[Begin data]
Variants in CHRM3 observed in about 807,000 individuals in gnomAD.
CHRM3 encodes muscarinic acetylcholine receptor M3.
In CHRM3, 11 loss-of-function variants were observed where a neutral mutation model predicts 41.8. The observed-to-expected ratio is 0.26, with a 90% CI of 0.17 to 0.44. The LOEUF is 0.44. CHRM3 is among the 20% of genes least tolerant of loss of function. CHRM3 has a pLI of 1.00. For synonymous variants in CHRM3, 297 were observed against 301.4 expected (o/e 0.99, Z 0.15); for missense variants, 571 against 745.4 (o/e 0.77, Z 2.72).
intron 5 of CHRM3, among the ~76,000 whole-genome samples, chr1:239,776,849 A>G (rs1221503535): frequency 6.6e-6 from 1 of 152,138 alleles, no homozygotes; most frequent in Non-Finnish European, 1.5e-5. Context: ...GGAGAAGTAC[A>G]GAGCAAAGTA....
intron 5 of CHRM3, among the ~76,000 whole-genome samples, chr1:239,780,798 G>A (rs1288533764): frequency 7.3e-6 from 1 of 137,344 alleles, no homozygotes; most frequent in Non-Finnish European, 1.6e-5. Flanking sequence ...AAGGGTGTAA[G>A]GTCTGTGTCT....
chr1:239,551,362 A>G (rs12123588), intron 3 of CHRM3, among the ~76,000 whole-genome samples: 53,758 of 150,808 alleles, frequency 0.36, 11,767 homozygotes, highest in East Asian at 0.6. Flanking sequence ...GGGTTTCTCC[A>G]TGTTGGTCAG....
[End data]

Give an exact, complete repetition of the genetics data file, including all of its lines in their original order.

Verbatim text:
Variants in CHRM3 observed in about 807,000 individuals in gnomAD.
CHRM3 encodes muscarinic acetylcholine receptor M3.
In CHRM3, 11 loss-of-function variants were observed where a neutral mutation model predicts 41.8. The observed-to-expected ratio is 0.26, with a 90% CI of 0.17 to 0.44. The LOEUF is 0.44. CHRM3 is among the 20% of genes least tolerant of loss of function. CHRM3 has a pLI of 1.00. For synonymous variants in CHRM3, 297 were observed against 301.4 expected (o/e 0.99, Z 0.15); for missense variants, 571 against 745.4 (o/e 0.77, Z 2.72).
intron 5 of CHRM3, among the ~76,000 whole-genome samples, chr1:239,776,849 A>G (rs1221503535): frequency 6.6e-6 from 1 of 152,138 alleles, no homozygotes; most frequent in Non-Finnish European, 1.5e-5. Context: ...GGAGAAGTAC[A>G]GAGCAAAGTA....
intron 5 of CHRM3, among the ~76,000 whole-genome samples, chr1:239,780,798 G>A (rs1288533764): frequency 7.3e-6 from 1 of 137,344 alleles, no homozygotes; most frequent in Non-Finnish European, 1.6e-5. Flanking sequence ...AAGGGTGTAA[G>A]GTCTGTGTCT....
chr1:239,551,362 A>G (rs12123588), intron 3 of CHRM3, among the ~76,000 whole-genome samples: 53,758 of 150,808 alleles, frequency 0.36, 11,767 homozygotes, highest in East Asian at 0.6. Flanking sequence ...GGGTTTCTCC[A>G]TGTTGGTCAG....